Fr Igor Kovalevsky agrees that religious work should not be treated as ordinary labour: “A priest’s work is not for profit, but a service.” So far the regional labour quotas have not led to work permit refusals for the Catholic Church in Russia, he told Forum 18.
According to the US Lutheran, however, a Moscow Protestant church this year applied for 15 work visas for its own staff and friends from several non-denominational churches, but “ended up receiving only three, even less than they usually get for their own church.”
The foreign labour quota for Moscow is approximately 300,000, according to government official Sebentsov. He told Forum 18 he could not comment on implementation of the new regulations.
In early 2008 the Union of Christians of the Evangelical Faith in Russia – the Pentecostal union led by Bishop Pavel Okara – received permission to employ 230 foreign citizens across Russia as requested, its vice-chairman Pavel Bak told Forum 18 on 21 April. As each individual work permit still has to be processed, however, foreigners assisting the Union – Bak did not know how many – are currently having to leave Russia for 90 days at a time. “This disrupts the projects they are involved in,” he complained. Much time and energy is also taken up obtaining work permits for foreign personnel, added Bak. “We try and work fast, but applications still take four months to process – and they [the foreign personnel] have only three.”
“The situation is up in the air right now,” William Yoder of the Baptist Union’s Department for External Church Relations told Forum 18 on 18 April. The Union is also going through the complex procedure of becoming an official employer so that some 150 foreign personnel across Russia can switch to work visas, he said. While Yoder is aware of several currently outside the country due to the new visa regulations, he pointed out that many received new visas just before the changes.
As the Salvation Army started preparing for the new visa procedure before it came into effect, none of its approximately 20 foreign personnel have been forced to leave Russia, Moscow spokesperson Aleksandr Kharkov told Forum 18 on 21 April. Those whose humanitarian visas expired after the changes switched immediately to work visas as Army employees, he said.
The 40-50 foreign rabbis in Russia are similarly able to be employed by Jewish community organisations, according to Moscow Chief Rabbi Pinchas Goldschmidt. “People are in the process of changing to a work visa,” he told Forum 18 on 18 April. “It’s a hassle, but there is a positive side. A work visa opens up the possibility of getting the Russian equivalent of a Green Card, and you don’t need to leave the country to get a new visa, unlike before.”
Rabbi Goldschmidt is not aware of any Jewish religious workers forced to leave Russia due to the changes.
Led by the Russian Orthodox Church, lobbying by religious leaders in 2006-7 resulted in a simplification for religious organisations of new annual accounting procedures under the so-called NGO Law.
In this case too, the Russian Catholic source told Forum 18, “there was hope within the Catholic Church for Russian Orthodox support – just one word from the patriarch to [President Vladimir] Putin or [United Russia leader and parliamentary Speaker Boris] Gryzlov – for the exemption of religious work from these regulations. But now the issue is outside Orthodox-Catholic dialogue.” In particular, said the source, it was not raised at a 14 April meeting between Metropolitan Archbishop Paolo Pezzi of the Catholic Church’s Moscow-based archdiocese and Metropolitan Kirill (Gundyayev) of Smolensk and Kaliningrad, who heads the Russian Orthodox Church’s Department for External Church Relations (DECR). The source suggested, however, that this was partly due to “a phobia about addressing the issue” on the Catholic side.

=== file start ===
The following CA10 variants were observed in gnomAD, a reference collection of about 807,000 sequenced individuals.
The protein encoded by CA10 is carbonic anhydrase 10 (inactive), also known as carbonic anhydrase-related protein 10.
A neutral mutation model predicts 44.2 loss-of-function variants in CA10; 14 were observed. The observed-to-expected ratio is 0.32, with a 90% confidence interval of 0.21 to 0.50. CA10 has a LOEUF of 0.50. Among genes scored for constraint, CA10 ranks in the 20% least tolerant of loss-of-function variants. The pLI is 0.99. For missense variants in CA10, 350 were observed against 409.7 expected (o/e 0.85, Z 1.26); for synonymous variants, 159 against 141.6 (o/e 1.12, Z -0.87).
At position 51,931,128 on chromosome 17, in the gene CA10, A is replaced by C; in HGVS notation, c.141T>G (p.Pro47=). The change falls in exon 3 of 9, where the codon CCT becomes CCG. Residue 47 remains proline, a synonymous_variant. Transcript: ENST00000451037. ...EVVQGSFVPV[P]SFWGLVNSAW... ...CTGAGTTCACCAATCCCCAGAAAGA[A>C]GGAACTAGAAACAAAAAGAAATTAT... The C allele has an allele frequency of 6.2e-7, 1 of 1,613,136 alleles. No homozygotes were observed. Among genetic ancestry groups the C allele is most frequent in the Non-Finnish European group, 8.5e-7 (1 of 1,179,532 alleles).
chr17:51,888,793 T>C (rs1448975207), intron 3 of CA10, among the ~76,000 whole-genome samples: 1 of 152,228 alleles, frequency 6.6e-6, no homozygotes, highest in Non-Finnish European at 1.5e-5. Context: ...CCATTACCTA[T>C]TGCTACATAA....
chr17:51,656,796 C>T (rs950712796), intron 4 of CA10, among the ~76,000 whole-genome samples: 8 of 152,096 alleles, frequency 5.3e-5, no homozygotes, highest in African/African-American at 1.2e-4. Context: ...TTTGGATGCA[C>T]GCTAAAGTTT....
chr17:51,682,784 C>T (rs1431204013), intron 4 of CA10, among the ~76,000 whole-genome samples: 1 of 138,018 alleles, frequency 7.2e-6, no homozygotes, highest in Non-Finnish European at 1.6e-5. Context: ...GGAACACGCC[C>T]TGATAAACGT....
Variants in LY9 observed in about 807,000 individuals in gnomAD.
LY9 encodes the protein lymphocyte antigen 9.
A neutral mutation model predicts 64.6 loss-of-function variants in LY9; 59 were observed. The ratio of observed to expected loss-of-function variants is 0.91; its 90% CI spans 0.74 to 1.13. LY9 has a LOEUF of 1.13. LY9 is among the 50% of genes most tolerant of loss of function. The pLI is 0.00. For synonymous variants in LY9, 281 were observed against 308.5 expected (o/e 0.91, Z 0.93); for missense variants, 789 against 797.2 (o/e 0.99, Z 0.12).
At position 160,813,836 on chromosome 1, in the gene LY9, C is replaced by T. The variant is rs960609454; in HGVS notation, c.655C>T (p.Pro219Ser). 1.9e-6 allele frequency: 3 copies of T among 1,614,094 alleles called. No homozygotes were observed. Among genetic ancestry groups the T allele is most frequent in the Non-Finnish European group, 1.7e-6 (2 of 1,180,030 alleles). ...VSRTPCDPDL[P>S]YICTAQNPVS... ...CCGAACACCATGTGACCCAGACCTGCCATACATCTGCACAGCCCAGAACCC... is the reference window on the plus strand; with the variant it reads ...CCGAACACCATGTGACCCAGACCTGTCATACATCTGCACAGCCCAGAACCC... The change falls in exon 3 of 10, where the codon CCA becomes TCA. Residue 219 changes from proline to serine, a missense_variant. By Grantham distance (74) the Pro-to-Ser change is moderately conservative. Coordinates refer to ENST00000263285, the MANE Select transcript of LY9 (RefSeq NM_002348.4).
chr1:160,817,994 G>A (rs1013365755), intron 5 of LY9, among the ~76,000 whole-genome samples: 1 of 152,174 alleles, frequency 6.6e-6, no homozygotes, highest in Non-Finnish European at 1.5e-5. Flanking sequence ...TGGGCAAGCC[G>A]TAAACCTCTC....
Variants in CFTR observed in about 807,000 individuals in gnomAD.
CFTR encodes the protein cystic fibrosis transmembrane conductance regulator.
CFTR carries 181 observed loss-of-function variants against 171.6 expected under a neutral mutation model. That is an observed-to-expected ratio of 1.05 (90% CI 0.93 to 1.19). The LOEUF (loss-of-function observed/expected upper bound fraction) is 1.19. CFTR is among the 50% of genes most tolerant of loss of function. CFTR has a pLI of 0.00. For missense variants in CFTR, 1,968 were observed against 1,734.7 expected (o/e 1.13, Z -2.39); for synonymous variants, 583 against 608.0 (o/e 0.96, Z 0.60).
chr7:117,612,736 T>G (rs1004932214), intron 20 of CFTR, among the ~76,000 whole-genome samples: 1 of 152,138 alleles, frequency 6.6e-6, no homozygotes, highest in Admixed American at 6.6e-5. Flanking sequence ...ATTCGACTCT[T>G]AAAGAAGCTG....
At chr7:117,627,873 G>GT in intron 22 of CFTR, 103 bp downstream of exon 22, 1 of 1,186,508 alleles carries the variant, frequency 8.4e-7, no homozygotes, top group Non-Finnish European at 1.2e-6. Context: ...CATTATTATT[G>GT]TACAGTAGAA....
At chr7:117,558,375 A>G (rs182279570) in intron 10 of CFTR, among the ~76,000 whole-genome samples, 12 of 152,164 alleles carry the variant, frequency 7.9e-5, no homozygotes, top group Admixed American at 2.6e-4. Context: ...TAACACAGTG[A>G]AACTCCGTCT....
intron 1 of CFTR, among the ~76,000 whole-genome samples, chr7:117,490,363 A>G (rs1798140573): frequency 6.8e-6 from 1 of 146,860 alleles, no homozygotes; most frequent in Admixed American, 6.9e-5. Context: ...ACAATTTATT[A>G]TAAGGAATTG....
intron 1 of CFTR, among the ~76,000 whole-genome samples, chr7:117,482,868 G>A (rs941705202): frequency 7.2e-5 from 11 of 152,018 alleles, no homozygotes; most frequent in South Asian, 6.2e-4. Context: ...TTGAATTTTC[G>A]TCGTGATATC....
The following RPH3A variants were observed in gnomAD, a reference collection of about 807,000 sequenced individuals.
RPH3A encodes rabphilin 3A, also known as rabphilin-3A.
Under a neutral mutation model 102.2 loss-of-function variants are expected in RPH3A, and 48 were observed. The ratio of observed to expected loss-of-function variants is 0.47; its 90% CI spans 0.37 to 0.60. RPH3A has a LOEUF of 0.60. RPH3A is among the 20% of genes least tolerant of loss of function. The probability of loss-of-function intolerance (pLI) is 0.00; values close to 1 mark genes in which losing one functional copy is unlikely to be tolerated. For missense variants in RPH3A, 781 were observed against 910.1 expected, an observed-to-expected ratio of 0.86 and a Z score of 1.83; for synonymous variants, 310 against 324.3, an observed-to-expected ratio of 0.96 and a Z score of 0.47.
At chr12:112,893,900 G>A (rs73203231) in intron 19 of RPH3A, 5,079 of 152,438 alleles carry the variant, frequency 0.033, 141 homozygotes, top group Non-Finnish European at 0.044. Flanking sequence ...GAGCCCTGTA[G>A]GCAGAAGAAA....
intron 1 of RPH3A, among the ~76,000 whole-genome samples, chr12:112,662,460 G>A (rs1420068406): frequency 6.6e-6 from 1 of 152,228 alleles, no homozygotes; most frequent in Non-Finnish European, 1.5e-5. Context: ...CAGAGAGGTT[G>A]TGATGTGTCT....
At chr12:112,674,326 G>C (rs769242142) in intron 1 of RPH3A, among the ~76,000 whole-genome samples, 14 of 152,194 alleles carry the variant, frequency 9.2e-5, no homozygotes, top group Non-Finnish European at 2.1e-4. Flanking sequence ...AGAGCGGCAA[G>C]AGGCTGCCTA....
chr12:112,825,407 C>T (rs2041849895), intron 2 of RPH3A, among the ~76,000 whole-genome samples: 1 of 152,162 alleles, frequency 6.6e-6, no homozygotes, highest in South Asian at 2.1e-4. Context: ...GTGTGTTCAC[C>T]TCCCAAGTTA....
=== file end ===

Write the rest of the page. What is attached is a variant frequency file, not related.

Fr Kovalevsky, the Catholic spokesman, mentioned to Forum 18 that there was “nothing particularly bad or unusual” about the switch to a work permit regime, which he pointed out was in line with EU practice. He did not believe that lobbying by the Catholic Church could have effected any exemption for religious workers.
Fr Georgi Ryabykh, who assists Metropolitan Kirill, was unaware of the issue when contacted on 22 April. He directed Forum 18 to Fr Georgi Kirindas, who deals with visa invitations for foreign citizens at the DECR, but his telephone went unanswered on 22 and 23 April.
Sebentsov, the religious affairs official, told Forum 18 that there are no moves to seek an exemption from the new regulations for foreign religious workers, and that he is unaware of any appeal from religious communities for this to happen.
Dozens of foreign religious workers have been barred from Russia over the past decade, including eight Catholic priests. Rabbi Goldschmidt and a German Lutheran Bishop were temporarily barred. Two British and Danish Salvation Army officers were denied entry “in the interests of state security”.
While not deported, Fr Wladyslaw Wojdat, a Catholic priest based in the north-western city of Tver until late 2007, is currently outside Russia and unable to obtain a return visa, according to the Russian Catholic source. Fr Kovalevsky told Forum 18 that he was not in a position to comment on the case.
Thirteen foreign students at a Jewish yeshiva in the southern city of Rostov-on-Don, detained and deported for registration irregularities in November 2007, have not attempted to return to Russia to Forum 18’s knowledge.
On 9 April 2008 Jeff Thompson, who heads the California-based Christian relief organisation Eastern European Outreach, was turned back from a Moscow airport despite holding a valid visa, the organisation’s website reported. Thompson was barred from travelling to the Soviet Union from 1984-9. (END)